How I write suspense scenes is to put myself there, in the moment. Suspense writing is a very delicate art form. When done correctly, the reader should be feeling a mix of emotions. Everything from fear and hatred to slight relief with a bit of worry. They should finish the scene or chapter out of breath and eagerly awaiting the next, reading through the fingers of the hand covering their eyes.
Suspense is a class by itself. As a genre, it is one of my favorites. However, suspense should be in every genre; in every book. There should be some element that makes me, as a reader, want to turn the page.
When writing horror or thrillers, as I do, suspense is the right hand. Sure the scares and screams make the book, but its the overwhelming feeling of dread and what will happen next that suspense brings to the mix.
So how do I do it?
Very very simple actually: I listen to my character.
I pretend that my character is right in front of me and whatever is going on in the scene just happened to him. I pretend he just escaped whatever horrors he just went through and found me as he ran through the woods. He looks over his shoulder, bated for breath. His eyes are full of worry and fear and tears are dripping from his chin. He tries to tell me what happened to him and I eagerly soak it up, trying to keep up with his frantic pace as he details everything for me. I listen and speed write before the bad guy shows up to catch us both.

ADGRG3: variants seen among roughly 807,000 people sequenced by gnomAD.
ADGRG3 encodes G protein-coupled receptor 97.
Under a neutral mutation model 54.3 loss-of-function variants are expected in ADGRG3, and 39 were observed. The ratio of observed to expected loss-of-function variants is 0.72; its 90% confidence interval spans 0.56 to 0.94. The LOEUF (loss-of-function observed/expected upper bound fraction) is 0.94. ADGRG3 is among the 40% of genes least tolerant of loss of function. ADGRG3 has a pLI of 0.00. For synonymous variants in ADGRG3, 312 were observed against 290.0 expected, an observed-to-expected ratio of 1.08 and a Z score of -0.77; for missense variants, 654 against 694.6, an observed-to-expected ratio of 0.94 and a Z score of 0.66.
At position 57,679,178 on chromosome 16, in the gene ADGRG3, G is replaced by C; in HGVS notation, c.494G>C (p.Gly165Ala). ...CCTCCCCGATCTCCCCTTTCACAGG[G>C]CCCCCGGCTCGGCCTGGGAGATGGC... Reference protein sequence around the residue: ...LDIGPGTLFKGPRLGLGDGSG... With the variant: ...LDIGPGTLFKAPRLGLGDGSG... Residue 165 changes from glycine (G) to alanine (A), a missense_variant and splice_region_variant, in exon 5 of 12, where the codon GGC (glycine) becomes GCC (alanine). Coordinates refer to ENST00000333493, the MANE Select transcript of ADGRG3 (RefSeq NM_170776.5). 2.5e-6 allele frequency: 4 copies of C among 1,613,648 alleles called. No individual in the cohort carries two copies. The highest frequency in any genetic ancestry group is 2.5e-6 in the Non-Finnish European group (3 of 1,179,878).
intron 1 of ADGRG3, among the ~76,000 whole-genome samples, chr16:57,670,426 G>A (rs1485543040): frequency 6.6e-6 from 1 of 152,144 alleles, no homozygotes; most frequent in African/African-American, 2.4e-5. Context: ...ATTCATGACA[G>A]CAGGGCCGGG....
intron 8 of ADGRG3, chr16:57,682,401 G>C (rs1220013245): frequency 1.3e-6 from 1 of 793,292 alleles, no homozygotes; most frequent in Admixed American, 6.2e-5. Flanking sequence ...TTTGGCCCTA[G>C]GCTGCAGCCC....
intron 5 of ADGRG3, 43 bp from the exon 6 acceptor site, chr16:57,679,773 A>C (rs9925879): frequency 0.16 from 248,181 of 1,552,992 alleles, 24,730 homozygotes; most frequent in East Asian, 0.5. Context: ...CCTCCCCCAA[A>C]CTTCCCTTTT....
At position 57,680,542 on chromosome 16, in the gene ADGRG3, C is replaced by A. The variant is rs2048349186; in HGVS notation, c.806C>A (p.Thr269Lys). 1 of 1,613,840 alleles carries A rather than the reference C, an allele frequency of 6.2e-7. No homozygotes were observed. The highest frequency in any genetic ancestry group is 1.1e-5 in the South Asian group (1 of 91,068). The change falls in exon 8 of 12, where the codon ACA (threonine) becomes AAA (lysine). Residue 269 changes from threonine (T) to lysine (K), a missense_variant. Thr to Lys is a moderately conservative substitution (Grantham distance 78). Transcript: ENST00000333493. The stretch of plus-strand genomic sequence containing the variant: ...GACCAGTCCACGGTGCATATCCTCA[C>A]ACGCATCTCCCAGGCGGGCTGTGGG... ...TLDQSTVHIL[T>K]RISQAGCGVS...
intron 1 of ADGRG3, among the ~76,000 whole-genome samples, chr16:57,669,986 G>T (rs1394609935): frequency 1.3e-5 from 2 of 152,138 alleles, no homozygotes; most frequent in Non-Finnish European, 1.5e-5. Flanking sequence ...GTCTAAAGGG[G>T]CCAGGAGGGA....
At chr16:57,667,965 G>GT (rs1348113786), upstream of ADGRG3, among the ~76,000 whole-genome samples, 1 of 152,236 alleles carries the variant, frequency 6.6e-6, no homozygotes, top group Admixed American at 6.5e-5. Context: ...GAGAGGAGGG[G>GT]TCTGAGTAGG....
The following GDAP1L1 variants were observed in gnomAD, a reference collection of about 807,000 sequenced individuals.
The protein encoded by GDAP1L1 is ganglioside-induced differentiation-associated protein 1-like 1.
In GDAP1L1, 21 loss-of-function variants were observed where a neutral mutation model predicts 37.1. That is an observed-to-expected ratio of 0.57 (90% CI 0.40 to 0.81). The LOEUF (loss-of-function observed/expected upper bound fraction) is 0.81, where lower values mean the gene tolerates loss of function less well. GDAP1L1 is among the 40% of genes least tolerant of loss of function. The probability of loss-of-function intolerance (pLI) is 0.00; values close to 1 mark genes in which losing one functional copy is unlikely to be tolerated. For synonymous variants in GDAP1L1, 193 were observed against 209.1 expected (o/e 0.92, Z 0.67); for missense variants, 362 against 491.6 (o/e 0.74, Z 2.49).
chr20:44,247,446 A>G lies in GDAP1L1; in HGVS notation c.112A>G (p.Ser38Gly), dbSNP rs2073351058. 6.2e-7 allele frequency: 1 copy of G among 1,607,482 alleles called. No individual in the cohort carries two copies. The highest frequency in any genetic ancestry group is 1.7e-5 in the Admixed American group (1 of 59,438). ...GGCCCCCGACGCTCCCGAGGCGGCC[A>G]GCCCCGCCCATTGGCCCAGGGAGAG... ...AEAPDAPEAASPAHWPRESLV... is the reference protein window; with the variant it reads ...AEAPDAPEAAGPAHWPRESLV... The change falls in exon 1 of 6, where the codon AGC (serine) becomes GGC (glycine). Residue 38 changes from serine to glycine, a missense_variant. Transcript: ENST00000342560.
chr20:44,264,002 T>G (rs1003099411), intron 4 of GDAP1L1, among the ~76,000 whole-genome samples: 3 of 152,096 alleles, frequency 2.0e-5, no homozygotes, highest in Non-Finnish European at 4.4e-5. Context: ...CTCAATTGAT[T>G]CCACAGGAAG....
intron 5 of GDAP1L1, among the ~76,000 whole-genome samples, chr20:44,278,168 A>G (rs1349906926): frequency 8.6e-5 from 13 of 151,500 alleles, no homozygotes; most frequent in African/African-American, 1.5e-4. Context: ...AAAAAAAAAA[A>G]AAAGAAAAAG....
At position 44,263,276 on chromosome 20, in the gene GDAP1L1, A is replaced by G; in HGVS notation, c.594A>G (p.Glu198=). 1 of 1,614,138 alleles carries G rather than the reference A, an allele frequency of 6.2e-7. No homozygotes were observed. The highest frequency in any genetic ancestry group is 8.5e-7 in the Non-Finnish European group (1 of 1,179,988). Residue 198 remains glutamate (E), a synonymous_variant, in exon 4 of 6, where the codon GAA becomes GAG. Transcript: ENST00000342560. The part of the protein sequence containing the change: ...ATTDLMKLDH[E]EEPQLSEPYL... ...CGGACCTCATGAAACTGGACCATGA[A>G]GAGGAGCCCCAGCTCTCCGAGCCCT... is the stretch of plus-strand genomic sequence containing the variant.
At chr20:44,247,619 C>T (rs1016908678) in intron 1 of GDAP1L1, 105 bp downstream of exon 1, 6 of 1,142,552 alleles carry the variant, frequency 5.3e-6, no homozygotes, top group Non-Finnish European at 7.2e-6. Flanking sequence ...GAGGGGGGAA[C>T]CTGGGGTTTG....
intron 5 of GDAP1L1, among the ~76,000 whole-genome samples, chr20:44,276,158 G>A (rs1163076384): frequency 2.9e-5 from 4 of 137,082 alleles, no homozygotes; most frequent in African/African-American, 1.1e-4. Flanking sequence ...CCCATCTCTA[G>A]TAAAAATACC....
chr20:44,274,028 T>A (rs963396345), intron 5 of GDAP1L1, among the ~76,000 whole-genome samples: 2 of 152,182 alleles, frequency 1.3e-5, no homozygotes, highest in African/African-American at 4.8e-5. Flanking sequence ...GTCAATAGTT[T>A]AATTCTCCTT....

I become worried and fearful with him, looking over his shoulder, too.
When he is done with his tale, I have several questions for him. I ask but he doesn’t always answer. No matter what happens, he always leaves one question unanswered. That question is one that I simply can not live without knowing the answer to. All he can tell me is that he might answer it the next time we meet.
Then he runs off, screaming towards the next scene.
I give chase.